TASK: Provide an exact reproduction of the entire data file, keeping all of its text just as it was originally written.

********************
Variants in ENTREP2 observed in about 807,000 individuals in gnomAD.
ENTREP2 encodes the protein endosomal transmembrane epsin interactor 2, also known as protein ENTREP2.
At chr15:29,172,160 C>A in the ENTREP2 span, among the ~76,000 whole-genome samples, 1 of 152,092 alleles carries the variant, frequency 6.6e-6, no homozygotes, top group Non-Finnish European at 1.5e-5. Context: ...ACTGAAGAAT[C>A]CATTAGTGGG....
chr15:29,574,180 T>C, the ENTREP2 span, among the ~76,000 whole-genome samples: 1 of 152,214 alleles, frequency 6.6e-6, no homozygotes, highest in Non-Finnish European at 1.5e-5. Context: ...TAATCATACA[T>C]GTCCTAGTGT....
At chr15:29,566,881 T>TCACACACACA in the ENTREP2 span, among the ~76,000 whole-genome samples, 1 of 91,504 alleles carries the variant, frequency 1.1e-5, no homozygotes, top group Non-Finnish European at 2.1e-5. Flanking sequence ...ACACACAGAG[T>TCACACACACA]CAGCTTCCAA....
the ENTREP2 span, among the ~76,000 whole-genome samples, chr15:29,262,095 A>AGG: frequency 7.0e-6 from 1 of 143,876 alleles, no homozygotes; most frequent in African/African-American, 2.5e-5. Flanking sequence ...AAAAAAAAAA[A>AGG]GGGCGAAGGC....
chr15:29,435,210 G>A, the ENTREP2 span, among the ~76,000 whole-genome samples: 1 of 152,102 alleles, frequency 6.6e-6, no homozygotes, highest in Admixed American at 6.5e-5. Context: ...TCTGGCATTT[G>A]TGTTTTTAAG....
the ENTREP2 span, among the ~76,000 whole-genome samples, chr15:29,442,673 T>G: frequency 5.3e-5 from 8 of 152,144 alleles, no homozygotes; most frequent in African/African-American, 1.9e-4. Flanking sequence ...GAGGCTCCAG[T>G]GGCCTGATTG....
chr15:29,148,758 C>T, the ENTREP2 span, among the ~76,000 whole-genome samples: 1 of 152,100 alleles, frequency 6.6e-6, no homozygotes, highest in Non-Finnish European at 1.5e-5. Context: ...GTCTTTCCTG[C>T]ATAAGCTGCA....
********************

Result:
Variants in ENTREP2 observed in about 807,000 individuals in gnomAD.
ENTREP2 encodes the protein endosomal transmembrane epsin interactor 2, also known as protein ENTREP2.
At chr15:29,172,160 C>A in the ENTREP2 span, among the ~76,000 whole-genome samples, 1 of 152,092 alleles carries the variant, frequency 6.6e-6, no homozygotes, top group Non-Finnish European at 1.5e-5. Context: ...ACTGAAGAAT[C>A]CATTAGTGGG....
chr15:29,574,180 T>C, the ENTREP2 span, among the ~76,000 whole-genome samples: 1 of 152,214 alleles, frequency 6.6e-6, no homozygotes, highest in Non-Finnish European at 1.5e-5. Context: ...TAATCATACA[T>C]GTCCTAGTGT....
At chr15:29,566,881 T>TCACACACACA in the ENTREP2 span, among the ~76,000 whole-genome samples, 1 of 91,504 alleles carries the variant, frequency 1.1e-5, no homozygotes, top group Non-Finnish European at 2.1e-5. Flanking sequence ...ACACACAGAG[T>TCACACACACA]CAGCTTCCAA....
the ENTREP2 span, among the ~76,000 whole-genome samples, chr15:29,262,095 A>AGG: frequency 7.0e-6 from 1 of 143,876 alleles, no homozygotes; most frequent in African/African-American, 2.5e-5. Flanking sequence ...AAAAAAAAAA[A>AGG]GGGCGAAGGC....
chr15:29,435,210 G>A, the ENTREP2 span, among the ~76,000 whole-genome samples: 1 of 152,102 alleles, frequency 6.6e-6, no homozygotes, highest in Admixed American at 6.5e-5. Context: ...TCTGGCATTT[G>A]TGTTTTTAAG....
the ENTREP2 span, among the ~76,000 whole-genome samples, chr15:29,442,673 T>G: frequency 5.3e-5 from 8 of 152,144 alleles, no homozygotes; most frequent in African/African-American, 1.9e-4. Flanking sequence ...GAGGCTCCAG[T>G]GGCCTGATTG....
chr15:29,148,758 C>T, the ENTREP2 span, among the ~76,000 whole-genome samples: 1 of 152,100 alleles, frequency 6.6e-6, no homozygotes, highest in Non-Finnish European at 1.5e-5. Context: ...GTCTTTCCTG[C>T]ATAAGCTGCA....